There’s no rigid age at which we must retire and the right time for you to stop work will depend very much on your individual circumstances.

Here, we look at when you can access your pension, and how when you take it can affect how much you get in retirement.

When can I retire?

Employers used to be able to force you to retire at 65, but since this rule was scrapped in 2011, you can technically retire whenever you want. There are, of course, some major considerations before deciding when to retire, or phase your retirement. Often, the more important question is – when can I access my pension? Chances are, you’ll need to consider how to use your pension to provide an income before leaving work, or reducing your hours, and your pension may have particular rules around this. Learn more about phasing your retirement in our guide How can I phase my retirement? 

The age you can access your pension will depend on the type of pension you have and the terms of the scheme you signed up to, so in the following sections we cover what you can expect from the main types of pension scheme.

Get a free no-obligation pension consultation

Pension advice can help you get the most out of your retirement income, helping you on your way to a secure financial future. If you have more than £75k in pension savings, take the first step by arranging a free, no-obligation initial consultation with an expert from Aviva Financial Advice. Any recommendations advisers make will be for products from Aviva and other carefully selected partners. There’s no obligation, but if they feel you’d benefit from paid financial advice, they’ll go over how that works and the charges involved. Capital at risk.

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Final salary pensions

Old style final salary pensions set a retirement age when people are expected to retire. This age – called a normal retirement age – can vary from profession to profession and scheme to scheme, but it’s typically 65. However, it could be 60 or even younger. You generally can’t retire earlier than this age without receiving a lower pension.

Final salary pensions are also called ‘defined benefit’ pensions. Some defined benefit pensions aren’t final salary because they are based on your salary throughout your time with the employer and not your salary before retirement. These are called ‘career average’ pensions.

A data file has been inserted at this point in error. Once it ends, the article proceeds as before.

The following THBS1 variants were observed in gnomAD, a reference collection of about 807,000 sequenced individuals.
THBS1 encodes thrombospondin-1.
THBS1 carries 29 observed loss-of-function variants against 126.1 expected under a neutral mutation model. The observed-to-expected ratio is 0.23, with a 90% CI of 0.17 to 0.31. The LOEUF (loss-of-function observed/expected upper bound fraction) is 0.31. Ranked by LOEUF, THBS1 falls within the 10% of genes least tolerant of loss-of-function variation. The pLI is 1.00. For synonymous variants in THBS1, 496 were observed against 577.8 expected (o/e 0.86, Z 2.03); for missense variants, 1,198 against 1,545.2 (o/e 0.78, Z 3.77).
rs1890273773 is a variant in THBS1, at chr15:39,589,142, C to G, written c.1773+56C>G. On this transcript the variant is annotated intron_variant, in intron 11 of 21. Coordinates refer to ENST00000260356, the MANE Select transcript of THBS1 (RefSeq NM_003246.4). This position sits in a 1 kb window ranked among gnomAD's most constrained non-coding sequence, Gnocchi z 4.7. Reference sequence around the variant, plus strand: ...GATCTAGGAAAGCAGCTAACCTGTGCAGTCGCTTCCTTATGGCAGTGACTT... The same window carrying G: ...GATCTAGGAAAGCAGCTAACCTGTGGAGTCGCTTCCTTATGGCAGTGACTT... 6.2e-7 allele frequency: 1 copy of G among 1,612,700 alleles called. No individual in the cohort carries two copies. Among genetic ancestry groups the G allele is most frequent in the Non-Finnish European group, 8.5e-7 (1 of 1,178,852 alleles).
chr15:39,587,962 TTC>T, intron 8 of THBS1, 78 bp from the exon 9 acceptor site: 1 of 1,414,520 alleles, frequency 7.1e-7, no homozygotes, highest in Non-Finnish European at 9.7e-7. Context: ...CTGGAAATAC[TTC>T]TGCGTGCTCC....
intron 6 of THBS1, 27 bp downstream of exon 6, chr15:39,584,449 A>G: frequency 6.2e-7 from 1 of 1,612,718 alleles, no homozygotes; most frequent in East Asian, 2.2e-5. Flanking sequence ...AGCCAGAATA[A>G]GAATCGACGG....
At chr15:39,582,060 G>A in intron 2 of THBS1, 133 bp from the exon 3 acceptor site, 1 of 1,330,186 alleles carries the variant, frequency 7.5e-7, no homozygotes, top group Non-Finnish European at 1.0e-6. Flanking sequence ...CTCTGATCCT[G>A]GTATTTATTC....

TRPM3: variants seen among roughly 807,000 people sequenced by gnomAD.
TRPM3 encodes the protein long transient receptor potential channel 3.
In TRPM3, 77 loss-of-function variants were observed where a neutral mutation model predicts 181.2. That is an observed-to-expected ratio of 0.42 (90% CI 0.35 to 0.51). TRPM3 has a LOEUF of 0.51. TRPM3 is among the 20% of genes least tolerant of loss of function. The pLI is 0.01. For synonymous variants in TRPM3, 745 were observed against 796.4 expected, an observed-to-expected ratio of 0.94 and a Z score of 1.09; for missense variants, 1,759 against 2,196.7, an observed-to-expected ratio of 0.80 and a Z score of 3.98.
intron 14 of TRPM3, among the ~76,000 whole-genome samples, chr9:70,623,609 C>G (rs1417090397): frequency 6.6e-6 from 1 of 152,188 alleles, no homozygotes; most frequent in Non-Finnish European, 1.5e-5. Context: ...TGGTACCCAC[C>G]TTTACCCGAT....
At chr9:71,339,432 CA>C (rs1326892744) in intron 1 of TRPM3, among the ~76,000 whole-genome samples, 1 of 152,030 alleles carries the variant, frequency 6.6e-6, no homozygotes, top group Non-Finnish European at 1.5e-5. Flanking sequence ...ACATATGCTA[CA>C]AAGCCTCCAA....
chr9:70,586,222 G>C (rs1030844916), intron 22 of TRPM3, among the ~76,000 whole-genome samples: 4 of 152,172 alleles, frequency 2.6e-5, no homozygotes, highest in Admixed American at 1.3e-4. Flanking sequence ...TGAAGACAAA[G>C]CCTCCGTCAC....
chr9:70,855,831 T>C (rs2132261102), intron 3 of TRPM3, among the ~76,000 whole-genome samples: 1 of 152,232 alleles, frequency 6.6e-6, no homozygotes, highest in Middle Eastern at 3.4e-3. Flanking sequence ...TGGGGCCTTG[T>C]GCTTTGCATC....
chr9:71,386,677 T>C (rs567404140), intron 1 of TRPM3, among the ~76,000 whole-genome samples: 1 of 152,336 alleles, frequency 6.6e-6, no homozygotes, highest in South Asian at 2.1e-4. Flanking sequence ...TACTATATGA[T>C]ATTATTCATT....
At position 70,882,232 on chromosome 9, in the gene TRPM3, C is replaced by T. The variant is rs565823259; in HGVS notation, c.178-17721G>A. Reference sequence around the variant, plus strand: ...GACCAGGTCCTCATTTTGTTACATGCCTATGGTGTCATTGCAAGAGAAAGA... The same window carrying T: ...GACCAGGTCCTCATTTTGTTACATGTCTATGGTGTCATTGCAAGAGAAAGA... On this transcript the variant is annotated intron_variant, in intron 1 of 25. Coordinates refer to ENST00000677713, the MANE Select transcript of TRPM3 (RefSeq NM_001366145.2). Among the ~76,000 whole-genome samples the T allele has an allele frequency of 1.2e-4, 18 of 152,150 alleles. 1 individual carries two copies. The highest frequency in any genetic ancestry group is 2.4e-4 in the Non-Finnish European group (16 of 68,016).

If you want to carry on working, or if you can manage financially without taking your final salary pension, you don’t have to take it. Your employer (or to be more accurate, the pension scheme rules) may insist that you take your pension once you’ve had your 75th birthday.

The longer you leave it before you take your pension, the bigger the amount you should receive each month/year. That’s because the pension doesn’t have to pay out for as many years as if you took your pension earlier.

Although you’re likely to get a larger pension payment every month if you take it later, you won’t be paid the pension you ‘missed out on’. You can find out more about how final salary pensions work in our guide What is a defined benefit pension? 

Defined contribution workplace pensions

With a defined contribution pension, sometimes known as a money purchase pension, you have a fund or pot of money that both you and your employer usually pay into. Automatic-enrolment pensions are generally defined contribution pensions. Find out more about auto-enrolment in our guide How does pension auto-enrolment work?

As with final salary pensions, these workplace pension schemes will set a normal retirement age. You can find out more about defined contribution pensions in our guide What is a defined contribution pension? If you want to retire late or you don’t want to take money from your pension then, you can simply leave it where it is. You may, for example, decide to retire later because you haven’t yet saved enough into your pension to provide you with a comfortable retirement. Learn more about this in our guide Can you afford to retire?

However, depending on the kind of funds your money is invested in, you could lose out by delaying your retirement, unless you tell the pension scheme well in advance. This is explained in more detail in the section below on ‘lifestyling’.

Leaving lifestyling out of the picture for now, there’s another issue you need to consider. And that’s that your pension money may be invested in riskier investments than you feel comfortable with. Learn more about this in our guide Where is my pension invested? What might have seemed like a good idea when you were in your 40s may not be such a good plan when you’re in your 60s. It’s the kind of decision that it’s a really good idea to take independent financial advice about. However, you will have to pay for this advice.

If you want to get some tips and guidance for free, and you’re aged at least 50, you can arrange a phone appointment via the government’s free service called Pension Wise. Or, for more information, check out our guides on How to find the right financial advisor for you or How to get advice on your pension.